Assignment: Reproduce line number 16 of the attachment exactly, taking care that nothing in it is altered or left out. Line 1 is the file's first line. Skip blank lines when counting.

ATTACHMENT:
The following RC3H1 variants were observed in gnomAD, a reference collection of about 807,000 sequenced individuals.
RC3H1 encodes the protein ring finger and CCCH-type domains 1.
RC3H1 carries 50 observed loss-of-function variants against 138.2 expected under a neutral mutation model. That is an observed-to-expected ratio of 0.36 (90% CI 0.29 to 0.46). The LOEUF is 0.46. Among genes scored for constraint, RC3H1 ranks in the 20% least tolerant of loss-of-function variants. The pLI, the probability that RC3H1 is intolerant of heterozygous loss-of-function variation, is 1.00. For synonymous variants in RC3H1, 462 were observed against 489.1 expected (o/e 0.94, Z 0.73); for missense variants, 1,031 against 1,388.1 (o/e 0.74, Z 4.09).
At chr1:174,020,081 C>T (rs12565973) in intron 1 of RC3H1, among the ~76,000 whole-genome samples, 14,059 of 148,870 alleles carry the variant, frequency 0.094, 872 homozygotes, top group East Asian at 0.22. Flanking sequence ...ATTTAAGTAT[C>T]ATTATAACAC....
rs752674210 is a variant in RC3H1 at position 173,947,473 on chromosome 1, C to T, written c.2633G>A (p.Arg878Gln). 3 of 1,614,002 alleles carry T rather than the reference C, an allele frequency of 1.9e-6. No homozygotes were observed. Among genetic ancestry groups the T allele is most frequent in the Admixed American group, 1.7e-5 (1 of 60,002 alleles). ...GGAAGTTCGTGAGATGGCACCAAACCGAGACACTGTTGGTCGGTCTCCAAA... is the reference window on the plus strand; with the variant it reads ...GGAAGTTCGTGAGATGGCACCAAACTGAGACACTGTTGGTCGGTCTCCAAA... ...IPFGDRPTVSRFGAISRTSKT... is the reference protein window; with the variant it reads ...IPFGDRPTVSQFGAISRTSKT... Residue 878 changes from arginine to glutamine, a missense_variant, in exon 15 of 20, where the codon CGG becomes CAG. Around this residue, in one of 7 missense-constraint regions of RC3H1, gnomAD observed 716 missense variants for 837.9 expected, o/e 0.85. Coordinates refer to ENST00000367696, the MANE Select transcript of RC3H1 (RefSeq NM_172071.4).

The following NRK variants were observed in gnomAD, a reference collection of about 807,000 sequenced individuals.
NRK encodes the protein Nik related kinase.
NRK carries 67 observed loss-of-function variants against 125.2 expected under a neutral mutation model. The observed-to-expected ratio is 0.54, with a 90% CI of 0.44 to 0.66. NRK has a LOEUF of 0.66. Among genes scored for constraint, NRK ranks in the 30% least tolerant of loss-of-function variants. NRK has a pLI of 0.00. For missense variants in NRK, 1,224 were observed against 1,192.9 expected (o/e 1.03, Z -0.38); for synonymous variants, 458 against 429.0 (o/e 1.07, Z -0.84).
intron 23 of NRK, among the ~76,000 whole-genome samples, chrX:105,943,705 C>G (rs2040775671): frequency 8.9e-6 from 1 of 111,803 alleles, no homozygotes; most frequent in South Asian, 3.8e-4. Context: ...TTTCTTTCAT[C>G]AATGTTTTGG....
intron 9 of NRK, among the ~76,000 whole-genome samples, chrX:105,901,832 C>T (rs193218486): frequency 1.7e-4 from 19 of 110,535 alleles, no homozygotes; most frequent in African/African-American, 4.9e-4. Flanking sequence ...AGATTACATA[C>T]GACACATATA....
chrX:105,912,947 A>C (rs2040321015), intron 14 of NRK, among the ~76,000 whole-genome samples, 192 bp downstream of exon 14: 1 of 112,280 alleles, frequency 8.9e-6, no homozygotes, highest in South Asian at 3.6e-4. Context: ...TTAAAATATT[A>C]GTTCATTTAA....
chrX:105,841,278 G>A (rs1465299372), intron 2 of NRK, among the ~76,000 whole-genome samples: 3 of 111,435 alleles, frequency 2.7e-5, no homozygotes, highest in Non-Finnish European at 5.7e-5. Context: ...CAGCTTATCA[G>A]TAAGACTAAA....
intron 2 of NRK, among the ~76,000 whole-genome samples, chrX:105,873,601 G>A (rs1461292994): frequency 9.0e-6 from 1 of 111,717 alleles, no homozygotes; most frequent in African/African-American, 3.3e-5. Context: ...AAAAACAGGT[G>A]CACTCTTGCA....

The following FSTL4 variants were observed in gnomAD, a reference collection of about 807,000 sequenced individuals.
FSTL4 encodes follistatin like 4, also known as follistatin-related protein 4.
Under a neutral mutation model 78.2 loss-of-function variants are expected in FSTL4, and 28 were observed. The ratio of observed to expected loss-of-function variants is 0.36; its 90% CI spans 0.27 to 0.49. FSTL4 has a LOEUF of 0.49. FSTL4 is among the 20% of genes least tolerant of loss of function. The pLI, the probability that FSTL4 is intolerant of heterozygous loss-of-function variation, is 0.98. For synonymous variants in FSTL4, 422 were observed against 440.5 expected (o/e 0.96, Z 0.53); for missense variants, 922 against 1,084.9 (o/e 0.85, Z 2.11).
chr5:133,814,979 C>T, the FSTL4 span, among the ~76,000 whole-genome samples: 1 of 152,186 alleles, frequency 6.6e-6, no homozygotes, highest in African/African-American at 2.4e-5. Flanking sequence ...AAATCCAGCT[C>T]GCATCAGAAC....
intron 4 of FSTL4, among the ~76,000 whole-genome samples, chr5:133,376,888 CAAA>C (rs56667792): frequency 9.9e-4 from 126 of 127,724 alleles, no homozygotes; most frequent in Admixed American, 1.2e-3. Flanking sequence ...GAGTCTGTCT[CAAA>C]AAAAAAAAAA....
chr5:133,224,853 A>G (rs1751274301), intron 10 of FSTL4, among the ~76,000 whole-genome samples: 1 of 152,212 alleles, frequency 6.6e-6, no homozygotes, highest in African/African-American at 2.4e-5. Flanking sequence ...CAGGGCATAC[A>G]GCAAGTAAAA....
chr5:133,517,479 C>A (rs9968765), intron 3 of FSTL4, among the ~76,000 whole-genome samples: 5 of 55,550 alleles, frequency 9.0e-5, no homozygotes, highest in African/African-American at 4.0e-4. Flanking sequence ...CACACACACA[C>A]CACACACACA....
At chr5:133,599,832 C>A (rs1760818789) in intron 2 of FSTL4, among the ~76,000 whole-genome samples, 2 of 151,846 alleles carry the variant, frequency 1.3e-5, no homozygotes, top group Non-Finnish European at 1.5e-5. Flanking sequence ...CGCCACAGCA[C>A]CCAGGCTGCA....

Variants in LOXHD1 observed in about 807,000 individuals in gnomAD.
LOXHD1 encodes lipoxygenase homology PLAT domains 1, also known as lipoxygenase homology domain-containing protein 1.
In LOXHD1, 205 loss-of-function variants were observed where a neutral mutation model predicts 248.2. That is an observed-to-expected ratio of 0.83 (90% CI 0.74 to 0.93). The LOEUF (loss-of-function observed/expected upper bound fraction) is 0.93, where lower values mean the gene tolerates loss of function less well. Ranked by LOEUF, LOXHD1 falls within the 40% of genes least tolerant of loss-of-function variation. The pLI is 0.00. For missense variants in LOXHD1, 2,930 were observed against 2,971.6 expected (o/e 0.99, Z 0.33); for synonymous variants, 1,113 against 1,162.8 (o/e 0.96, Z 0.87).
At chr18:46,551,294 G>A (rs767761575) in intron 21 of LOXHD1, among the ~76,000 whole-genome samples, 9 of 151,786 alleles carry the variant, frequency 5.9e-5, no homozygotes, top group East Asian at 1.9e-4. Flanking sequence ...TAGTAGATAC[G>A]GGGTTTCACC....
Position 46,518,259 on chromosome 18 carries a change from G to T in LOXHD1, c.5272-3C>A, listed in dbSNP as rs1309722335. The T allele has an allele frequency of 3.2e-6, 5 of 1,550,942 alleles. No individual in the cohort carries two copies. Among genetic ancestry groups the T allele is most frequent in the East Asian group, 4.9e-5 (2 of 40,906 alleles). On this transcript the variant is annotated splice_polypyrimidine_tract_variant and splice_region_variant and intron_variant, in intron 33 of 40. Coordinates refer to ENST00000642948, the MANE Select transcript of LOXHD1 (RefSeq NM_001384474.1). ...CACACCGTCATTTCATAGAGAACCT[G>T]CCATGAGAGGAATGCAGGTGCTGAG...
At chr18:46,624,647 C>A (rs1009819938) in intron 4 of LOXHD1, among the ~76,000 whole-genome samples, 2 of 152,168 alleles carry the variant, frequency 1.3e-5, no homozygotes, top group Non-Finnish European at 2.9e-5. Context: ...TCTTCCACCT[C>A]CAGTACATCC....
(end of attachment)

Under a neutral mutation model 78.2 loss-of-function variants are expected in FSTL4, and 28 were observed. The ratio of observed to expected loss-of-function variants is 0.36; its 90% CI spans 0.27 to 0.49. FSTL4 has a LOEUF of 0.49. FSTL4 is among the 20% of genes least tolerant of loss of function. The pLI, the probability that FSTL4 is intolerant of heterozygous loss-of-function variation, is 0.98. For synonymous variants in FSTL4, 422 were observed against 440.5 expected (o/e 0.96, Z 0.53); for missense variants, 922 against 1,084.9 (o/e 0.85, Z 2.11).